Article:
* Wells, 29, missed nearly two months with a strained right forearm, which he felt after his first start April 4. The right-hander did not return until May 28, and went 7-6 with a 4.99 ERA in 23 starts, giving up a career-high 23 home runs. His best month was August when Wells was 4-0 with a 3.32 ERA in six starts. He received $475,000 in 2011.

* Stewart, 26, is the newest Cub. Acquired on Thursday from the Rockies for Tyler Colvin and DJ LeMahieu, the third baseman made $2,228,750 this season.

— Carrie Muskat

12/11 Winter league update

Bryan LaHair drew two walks and singled in Magallanes’ 4-2 win over Lara Saturday in Venezuelan Winter League play. On Friday, Cubs prospect Austin Bibens-Dirkx gave up three hits over seven innings but did not get a decision in Caracas’ 3-0 win over Zulia. Bibens-Dirkx struck out one and walked two for Zulia.

* Carlos Zambrano was expected to return to the mound this week in Venezuela and could start on Wednesday. Zambrano has been sidelined after taking a line drive off his face on Nov. 18 while pitching for Caribes.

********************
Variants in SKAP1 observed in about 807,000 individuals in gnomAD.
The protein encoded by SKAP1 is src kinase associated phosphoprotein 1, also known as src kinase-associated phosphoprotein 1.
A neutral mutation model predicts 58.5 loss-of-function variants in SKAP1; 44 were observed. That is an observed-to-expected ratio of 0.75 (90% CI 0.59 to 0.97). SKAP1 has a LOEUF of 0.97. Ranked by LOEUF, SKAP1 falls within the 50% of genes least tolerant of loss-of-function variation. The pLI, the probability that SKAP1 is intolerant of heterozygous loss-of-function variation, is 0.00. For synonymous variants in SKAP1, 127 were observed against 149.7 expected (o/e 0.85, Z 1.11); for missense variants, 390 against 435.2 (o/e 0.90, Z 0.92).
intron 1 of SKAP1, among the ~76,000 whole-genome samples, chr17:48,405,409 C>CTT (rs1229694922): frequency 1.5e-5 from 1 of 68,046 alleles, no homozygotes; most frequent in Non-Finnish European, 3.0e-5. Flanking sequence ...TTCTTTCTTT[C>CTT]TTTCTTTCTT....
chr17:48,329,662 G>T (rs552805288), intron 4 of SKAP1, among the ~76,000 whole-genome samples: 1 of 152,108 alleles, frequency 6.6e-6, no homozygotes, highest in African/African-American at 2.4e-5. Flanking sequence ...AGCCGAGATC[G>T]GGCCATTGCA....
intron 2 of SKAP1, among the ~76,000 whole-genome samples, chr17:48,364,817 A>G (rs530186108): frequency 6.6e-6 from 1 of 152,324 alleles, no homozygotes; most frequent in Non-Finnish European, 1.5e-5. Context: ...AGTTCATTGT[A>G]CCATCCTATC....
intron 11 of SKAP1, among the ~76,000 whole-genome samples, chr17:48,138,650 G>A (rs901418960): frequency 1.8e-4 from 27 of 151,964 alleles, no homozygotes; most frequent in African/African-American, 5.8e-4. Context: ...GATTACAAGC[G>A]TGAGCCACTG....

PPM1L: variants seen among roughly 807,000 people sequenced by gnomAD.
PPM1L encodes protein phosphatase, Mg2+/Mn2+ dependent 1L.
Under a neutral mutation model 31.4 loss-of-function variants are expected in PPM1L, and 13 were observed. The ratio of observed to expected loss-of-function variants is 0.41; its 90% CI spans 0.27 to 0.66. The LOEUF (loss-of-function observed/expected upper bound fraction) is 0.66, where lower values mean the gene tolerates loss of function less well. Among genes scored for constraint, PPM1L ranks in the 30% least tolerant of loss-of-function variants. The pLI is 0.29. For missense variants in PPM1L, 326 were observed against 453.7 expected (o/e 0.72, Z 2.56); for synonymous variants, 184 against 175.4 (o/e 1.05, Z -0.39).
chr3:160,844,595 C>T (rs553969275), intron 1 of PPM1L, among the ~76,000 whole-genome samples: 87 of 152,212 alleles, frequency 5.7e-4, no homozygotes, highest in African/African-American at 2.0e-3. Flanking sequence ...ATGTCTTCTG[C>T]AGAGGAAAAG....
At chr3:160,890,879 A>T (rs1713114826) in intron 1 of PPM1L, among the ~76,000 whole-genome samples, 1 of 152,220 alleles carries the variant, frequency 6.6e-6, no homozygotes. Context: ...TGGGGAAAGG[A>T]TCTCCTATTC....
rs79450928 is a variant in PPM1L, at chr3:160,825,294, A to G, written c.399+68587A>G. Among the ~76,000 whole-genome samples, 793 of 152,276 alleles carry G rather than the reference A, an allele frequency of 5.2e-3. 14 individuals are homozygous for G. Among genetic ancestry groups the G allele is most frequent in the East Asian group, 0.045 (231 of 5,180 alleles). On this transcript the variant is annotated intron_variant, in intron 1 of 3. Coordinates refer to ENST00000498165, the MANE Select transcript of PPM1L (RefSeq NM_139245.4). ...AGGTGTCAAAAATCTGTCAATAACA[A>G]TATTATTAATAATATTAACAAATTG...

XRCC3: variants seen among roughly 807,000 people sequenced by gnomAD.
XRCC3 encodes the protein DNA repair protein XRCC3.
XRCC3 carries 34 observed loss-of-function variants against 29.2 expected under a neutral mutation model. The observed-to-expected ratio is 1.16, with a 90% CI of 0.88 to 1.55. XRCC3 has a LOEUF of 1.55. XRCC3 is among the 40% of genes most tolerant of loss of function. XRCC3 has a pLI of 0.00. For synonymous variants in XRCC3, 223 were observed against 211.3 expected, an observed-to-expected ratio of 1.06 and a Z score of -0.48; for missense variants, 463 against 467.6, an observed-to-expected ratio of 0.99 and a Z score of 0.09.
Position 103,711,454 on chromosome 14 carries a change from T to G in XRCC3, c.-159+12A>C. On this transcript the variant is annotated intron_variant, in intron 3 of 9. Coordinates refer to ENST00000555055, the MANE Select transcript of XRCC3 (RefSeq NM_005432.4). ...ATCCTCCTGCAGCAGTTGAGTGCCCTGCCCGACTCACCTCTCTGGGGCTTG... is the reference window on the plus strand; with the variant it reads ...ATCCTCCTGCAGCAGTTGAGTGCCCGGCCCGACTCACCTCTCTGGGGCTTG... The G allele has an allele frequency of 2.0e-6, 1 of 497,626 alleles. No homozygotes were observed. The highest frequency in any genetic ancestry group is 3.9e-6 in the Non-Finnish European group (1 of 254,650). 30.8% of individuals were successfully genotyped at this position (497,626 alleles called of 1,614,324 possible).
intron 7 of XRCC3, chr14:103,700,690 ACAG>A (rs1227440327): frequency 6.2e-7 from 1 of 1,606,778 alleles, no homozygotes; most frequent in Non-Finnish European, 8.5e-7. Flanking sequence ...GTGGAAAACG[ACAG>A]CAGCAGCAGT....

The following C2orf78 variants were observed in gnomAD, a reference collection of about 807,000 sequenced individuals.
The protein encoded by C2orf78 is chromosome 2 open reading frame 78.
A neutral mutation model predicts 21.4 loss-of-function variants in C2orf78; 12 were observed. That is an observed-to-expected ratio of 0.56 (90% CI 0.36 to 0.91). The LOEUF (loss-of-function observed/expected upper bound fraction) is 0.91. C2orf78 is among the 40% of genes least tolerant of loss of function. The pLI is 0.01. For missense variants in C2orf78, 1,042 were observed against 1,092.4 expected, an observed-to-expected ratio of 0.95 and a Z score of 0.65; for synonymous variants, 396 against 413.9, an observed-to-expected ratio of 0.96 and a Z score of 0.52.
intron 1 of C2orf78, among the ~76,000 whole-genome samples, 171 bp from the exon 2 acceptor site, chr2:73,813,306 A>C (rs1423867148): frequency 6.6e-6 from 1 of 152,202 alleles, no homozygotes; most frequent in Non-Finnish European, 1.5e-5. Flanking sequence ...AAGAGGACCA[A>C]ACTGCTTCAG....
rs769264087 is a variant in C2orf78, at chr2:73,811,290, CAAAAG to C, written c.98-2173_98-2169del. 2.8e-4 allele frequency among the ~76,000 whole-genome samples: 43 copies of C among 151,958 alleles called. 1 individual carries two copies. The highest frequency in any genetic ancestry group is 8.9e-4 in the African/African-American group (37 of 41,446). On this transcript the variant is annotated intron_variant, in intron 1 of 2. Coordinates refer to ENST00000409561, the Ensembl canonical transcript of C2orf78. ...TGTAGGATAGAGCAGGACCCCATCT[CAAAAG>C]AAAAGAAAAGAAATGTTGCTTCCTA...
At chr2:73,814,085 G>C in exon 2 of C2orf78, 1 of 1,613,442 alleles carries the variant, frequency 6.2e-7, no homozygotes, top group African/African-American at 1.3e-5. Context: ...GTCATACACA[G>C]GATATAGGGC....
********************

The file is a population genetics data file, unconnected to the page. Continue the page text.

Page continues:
— Carrie Muskat

12/9 Stewart looking forward to playing every day

The Cubs feel Ian Stewart will benefit from a change in scenery. Stewart didn’t exactly agree. The third baseman, acquired Thursday night from the Rockies in a four-player deal, split the 2011 season between the Rockies and Triple-A Colorado Springs. He batted .156 with six doubles in 48 games with the Rockies and hit .275 with 14 home runs and 42 RBIs in 45 games in the Minor Leagues. His season ended in August because of a wrist injury.

“I’m not trying to make excuses for the poor season I had, but injuries do play a part on a guy’s season and how ready they are for the season to start and how things go throughout the season,” Stewart said Friday.

Cubs GM Jed Hoyer said they had targeted Stewart, 26, from the start of the offseason. So, does he need a change of scenery?

“I always felt I fit in great with the Rockies,” Stewart said. “It just didn’t seem like I was given the best opportunity to play. With this situation now with Aramis Ramirez being gone and one of the guys who had a chance to play third being in this trade to go to Colorado and that spot being open, I think it gives me a great opportunity to come in and be that everyday third baseman and get those 500 to 600 at-bats that I need to be successful.

“Change of scenery, I don’t know, but I think in the long run, being in a spot where I’m going to be able to play every day, I think will be the best thing for me,” he said.

— Carrie Muskat

12/9 Cubs claim Jeff Bianchi